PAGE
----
Lockdown in the UK may be easing, but during the long and quiet months of quarantine construction projects have continued across the nation. 

From ‘essential’ construction works being done to public facilities and social housing, to the dramatic rise in DIY; the UK’s need for construction has not dwindled. 

While the rise in construction projects provide a consistency to the UK economy that’s greatly required, the area that’s seeing a dramatic impact is waste.

It may not sound very glamorous, or as though it’s an extreme problem amid the outbreak of a pandemic, but as we begin to emerge from the crisis and into a new world, many in the construction sector are looking at how we can create more sustainability. 

The UK construction industry provides more than £110 billion per annum to the UK economy, that’s 7% of GDP, but waste in the sector is a growing problem. 

New Legislation 

The Considerate Constructors Scheme (CCS) is a not-for-profit, independent organisation founded in 1997 to raise the standards in the construction industry. 

In May 2020, the CCS proposed that tighter rules and regulations on waste and recyclable materials should be imposed across the construction sector. 

The industry currently claims around a 90% diversion from landfill, a strong recovery compared to other sectors. However, some research reveals that 13% of products delivered to construction sites are sent to landfill without ever being used. 

Furthermore, there is a large element of energy recovery through incinerators, with few organisations attempting to recycle or reuse. 

Therefore the new policy will put an emphasis on avoiding waste while encouraging recycling and reuse. The current strategy laid out reveals a ‘roadmap’ towards zero avoidable waste. 

Senior Sustainability Advisor and Circular Economy Programme Lead at the UK Green Building Council, said, “Construction, demolition and excavation in the UK currently produces a staggering 120 million tonnes of waste each year. This is nearly 60% of all UK waste.”

Once lockdown is lifted, it’s safe to say that the UK government and organisations across the building sector will be pushing these new green policies strongly. 

DIY During Lockdown 

It’s easy to assume construction waste is only a ‘big deal’ for large organisations and building contractors. But the simple fact is, construction waste is everyone’s responsibility regardless of how large or small the build.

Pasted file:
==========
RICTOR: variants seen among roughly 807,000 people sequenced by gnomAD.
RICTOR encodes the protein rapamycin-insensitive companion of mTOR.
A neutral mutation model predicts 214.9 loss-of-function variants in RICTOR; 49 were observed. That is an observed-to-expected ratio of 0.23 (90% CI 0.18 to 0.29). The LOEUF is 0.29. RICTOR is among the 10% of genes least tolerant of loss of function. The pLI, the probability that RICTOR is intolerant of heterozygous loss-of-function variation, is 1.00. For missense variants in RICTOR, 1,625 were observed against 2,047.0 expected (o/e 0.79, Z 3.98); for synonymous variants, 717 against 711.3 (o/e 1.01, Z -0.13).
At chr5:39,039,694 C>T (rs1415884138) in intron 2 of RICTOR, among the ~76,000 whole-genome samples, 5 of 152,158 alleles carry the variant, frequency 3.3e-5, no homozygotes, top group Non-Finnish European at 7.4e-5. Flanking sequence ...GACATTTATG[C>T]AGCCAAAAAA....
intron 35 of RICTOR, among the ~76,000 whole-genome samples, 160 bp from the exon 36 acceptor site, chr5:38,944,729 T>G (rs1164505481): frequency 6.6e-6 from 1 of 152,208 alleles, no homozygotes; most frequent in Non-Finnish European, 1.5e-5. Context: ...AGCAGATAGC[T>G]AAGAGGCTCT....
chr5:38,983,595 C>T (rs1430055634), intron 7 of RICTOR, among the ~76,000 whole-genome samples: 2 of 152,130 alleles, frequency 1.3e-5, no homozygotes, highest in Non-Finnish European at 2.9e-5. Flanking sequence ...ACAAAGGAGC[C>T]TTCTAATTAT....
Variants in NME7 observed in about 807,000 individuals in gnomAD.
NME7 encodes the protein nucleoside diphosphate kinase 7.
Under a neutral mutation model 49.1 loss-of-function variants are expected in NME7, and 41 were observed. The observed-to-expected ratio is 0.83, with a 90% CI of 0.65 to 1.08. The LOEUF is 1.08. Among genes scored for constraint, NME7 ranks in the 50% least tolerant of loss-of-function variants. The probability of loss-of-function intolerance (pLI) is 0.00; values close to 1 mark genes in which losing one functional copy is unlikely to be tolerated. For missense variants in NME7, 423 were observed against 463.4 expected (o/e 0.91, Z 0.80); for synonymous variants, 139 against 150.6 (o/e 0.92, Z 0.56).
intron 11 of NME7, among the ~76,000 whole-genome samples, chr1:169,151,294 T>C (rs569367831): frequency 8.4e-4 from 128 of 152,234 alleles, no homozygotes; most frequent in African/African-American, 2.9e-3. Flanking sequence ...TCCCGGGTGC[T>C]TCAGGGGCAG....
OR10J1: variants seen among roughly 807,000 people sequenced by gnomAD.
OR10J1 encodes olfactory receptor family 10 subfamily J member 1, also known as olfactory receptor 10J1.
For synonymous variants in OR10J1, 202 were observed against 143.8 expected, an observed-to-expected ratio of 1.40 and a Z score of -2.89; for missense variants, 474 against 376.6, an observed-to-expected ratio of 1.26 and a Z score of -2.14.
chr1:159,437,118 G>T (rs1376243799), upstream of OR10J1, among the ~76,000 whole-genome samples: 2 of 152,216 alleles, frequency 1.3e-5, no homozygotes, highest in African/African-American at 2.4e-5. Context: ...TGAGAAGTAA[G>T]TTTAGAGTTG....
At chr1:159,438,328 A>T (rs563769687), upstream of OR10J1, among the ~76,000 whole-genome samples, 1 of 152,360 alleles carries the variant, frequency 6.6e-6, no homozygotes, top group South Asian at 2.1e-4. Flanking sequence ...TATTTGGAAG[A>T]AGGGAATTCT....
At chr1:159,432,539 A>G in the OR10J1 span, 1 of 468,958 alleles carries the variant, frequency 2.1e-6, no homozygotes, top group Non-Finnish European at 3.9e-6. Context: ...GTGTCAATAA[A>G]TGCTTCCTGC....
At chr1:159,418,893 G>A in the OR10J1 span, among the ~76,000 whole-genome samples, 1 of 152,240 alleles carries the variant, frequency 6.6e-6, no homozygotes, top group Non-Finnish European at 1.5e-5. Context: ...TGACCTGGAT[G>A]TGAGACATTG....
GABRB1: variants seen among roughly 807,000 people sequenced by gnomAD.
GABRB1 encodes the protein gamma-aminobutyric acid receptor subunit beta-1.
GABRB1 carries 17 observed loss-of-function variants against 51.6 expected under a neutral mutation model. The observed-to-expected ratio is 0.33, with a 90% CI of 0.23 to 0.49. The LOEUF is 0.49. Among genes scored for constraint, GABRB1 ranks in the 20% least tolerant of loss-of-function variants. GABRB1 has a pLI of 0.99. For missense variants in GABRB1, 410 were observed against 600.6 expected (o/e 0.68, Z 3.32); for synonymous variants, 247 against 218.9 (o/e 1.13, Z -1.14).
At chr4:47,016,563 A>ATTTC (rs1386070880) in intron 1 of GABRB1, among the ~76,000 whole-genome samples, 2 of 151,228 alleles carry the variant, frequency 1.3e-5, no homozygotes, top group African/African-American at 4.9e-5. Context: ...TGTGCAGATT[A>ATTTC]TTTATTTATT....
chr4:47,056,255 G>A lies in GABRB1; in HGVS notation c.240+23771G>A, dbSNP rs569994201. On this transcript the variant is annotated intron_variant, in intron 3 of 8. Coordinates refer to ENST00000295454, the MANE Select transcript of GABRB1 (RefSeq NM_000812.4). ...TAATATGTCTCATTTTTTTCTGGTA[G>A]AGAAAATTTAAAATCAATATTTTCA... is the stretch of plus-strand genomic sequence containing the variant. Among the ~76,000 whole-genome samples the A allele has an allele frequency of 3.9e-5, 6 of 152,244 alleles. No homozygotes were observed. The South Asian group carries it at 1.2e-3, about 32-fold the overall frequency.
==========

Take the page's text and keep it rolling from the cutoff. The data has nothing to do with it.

During the UK lockdown, there has been a significant rise in home DIY. According to figures released on 5th June by Alderman, 38% of UK residents have been ‘doing it ourselves’ during the imposed quarantine. However, 17% of people say they are planning to do more soon. 

The rise in a nation of self-builders has created more work for the professionals, as DIY disasters are now at the top of many builders project lists. 

The BBC reported that ‘DIY mayhem’ has swept the nation, with everyone from painters, to builders being called in to fix DIY attempts. 

Of course, while it’s a novel idea to try your hand at DIY, what people don’t realise, is it’s not just the skills they may be missing but the unintended consequences of their work. 

In May 2020, The National Environment Agency inspectors were called out to 20 incidents of water pollution caused by lockdown DIY. 

Beating the Criminals

In the world of construction waste, it may seem there’s a lot to clean-up.

It’s bad enough that our environment is being polluted by DIY amateurs, and the fact that construction waste is still ending up in landfill, but fly-tipping hit a 10-year high in 2019 and still remains a serious problem amongst all of this. 

In the UK, fly-tipping got so serious in November 2019, that an independent review by the Serious and Organised Crime in the Waste Sector had to be actioned. 

The review revealed that the majority of materials being tipped illegally were in fact, what we describe in the sector as ‘muck-away’. Essentially, inert rubble which was everything from steel to asbestos. 

According to reports multiple fly-tipping even increased in some parts of the UK during May 2020, with some claiming the increase was due to limited capacity at waste and recycling centres. 

As we emerge out of lockdown and begin to make plans for the future, everyone in the construction industry must start taking responsibility for the materials they choose and the way they remove their waste. 

At AJ Grab Hire, we are certified by the Environment Agency as responsible waste removers. A title we take seriously. 

If you’re concerned about how you’re managing your construction waste for your next project, commercial or domestic, contact our team today to discuss how we can help you be responsible with your waste.

AJ Grab Hire

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